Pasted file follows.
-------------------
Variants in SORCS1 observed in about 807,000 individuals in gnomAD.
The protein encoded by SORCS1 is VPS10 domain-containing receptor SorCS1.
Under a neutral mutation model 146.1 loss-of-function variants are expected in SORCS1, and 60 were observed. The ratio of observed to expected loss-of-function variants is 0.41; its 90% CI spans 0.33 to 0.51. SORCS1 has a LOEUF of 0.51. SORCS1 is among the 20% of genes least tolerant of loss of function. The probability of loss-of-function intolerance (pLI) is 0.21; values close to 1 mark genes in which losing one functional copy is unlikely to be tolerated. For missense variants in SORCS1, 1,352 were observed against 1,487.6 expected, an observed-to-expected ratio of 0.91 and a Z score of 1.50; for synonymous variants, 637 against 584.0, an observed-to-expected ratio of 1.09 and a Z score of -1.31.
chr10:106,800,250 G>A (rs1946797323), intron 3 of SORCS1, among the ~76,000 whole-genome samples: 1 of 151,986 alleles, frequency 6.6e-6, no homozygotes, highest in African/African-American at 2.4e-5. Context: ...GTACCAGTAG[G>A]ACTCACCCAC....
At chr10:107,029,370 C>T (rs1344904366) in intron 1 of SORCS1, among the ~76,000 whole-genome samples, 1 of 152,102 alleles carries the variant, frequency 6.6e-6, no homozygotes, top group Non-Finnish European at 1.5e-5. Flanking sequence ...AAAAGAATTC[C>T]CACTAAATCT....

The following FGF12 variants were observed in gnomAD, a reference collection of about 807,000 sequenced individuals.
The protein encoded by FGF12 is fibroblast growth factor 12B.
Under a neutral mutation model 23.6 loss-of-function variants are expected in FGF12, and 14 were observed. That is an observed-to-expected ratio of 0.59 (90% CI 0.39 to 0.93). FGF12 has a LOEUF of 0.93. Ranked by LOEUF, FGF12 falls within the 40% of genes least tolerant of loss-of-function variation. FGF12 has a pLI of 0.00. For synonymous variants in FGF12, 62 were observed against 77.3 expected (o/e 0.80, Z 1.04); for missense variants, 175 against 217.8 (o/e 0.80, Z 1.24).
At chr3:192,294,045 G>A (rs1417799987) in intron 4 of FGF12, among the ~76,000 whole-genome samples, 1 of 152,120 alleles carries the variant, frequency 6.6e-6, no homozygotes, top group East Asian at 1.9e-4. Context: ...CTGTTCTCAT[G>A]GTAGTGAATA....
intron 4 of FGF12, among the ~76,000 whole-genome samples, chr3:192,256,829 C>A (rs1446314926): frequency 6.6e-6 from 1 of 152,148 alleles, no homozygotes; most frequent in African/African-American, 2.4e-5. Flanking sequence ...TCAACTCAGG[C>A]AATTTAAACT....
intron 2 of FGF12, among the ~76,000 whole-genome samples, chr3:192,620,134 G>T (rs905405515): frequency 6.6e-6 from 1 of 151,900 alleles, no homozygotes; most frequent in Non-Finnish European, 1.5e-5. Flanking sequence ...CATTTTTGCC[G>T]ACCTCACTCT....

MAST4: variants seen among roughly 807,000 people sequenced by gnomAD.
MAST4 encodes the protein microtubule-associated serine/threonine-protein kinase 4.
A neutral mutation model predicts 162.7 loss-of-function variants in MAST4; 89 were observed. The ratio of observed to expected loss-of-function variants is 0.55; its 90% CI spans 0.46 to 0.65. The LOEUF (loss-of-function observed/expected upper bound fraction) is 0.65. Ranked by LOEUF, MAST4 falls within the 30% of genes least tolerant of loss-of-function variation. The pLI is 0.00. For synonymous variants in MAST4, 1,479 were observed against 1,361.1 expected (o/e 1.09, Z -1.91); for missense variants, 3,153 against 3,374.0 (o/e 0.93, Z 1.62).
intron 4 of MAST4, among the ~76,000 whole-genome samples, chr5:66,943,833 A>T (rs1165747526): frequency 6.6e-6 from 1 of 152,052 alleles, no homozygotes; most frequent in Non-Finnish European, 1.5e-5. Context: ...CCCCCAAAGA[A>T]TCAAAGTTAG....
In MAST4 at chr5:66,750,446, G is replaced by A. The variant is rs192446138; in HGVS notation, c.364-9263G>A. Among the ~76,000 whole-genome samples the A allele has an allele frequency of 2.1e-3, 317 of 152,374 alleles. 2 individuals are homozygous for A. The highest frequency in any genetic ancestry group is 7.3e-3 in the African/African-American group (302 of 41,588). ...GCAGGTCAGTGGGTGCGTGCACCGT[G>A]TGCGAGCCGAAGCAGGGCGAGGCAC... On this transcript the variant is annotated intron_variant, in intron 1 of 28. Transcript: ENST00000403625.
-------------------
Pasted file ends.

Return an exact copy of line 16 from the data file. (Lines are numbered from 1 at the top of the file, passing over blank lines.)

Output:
In MAST4 at chr5:66,750,446, G is replaced by A. The variant is rs192446138; in HGVS notation, c.364-9263G>A. Among the ~76,000 whole-genome samples the A allele has an allele frequency of 2.1e-3, 317 of 152,374 alleles. 2 individuals are homozygous for A. The highest frequency in any genetic ancestry group is 7.3e-3 in the African/African-American group (302 of 41,588). ...GCAGGTCAGTGGGTGCGTGCACCGT[G>A]TGCGAGCCGAAGCAGGGCGAGGCAC... On this transcript the variant is annotated intron_variant, in intron 1 of 28. Transcript: ENST00000403625.